Deterrence in the Twenty-first Century

Deterrence in the twenty-first century - Air University Press


president but initiatives also strongly supported by the United

Kingdom government. In relation to our discussion, the next

steps, a Comprehensive Test Ban Treaty and a new START,

may not have profound implications, though the process of

reconfiguring force structures for a new strategic agreement

may well be more significant. As we proceed down that road,

there will be harder and harder discussions and decisions to

make, particularly if we move towards a world that is more

multipolar in nuclear terms than at present.

The window optimists, those who think that deterrence is

pretty stable with wide margins in relative capabilities, will

worry less about the exact nuclear balances as we come down

in numbers between the United States and Russia and as other

states are brought in and as people start looking at various

nuclear balances, including the concerns over hidden stockpiles

and the role of missile defences. There are also questions

as to how the strategic arms control process will be affected if

there was further overt proliferation, especially in the case of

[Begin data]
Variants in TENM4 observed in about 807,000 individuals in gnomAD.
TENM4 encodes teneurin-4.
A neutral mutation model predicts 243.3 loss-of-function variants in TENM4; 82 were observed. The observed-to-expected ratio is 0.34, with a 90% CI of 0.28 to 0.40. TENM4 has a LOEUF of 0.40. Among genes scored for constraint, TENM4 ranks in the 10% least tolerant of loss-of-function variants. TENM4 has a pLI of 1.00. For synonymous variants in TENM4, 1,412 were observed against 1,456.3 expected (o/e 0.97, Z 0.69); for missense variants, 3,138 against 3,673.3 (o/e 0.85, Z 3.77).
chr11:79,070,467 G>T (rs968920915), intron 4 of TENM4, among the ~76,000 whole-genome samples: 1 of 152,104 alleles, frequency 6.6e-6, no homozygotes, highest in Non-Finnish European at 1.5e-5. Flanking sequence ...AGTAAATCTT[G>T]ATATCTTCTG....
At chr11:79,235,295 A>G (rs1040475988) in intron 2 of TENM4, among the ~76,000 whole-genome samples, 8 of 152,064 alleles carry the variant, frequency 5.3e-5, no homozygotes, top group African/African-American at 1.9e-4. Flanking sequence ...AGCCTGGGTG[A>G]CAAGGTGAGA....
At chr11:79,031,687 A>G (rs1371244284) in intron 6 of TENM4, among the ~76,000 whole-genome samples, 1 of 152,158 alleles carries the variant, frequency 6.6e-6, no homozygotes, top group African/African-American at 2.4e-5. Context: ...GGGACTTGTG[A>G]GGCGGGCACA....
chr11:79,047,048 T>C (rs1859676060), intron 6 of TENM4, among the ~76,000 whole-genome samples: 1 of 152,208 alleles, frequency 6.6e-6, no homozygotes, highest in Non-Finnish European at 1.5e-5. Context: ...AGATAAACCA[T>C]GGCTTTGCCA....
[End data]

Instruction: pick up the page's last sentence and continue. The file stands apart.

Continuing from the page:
Iran. It depends exactly on what form that proliferation might

take and the reaction of Iran’s neighbours to such steps. It is

likely that it would lead to an arms control process which is

even more zigzag than the straight linear path to a global zero

which some suggest is possible.

Even if it is not a linear process, however, the quest for arms

control is as old as nuclear weapons themselves. It will not go

away, however many nuclear weapons states there are, even if

the form that it takes may change quite radically. So we will

need to continue to reflect on how arms control can flexibly

respond to the problems we face. And our concepts of deterrence

will need to continue to be developed in close synergy

with those for arms control and indeed with our war prevention

strategy as a whole.


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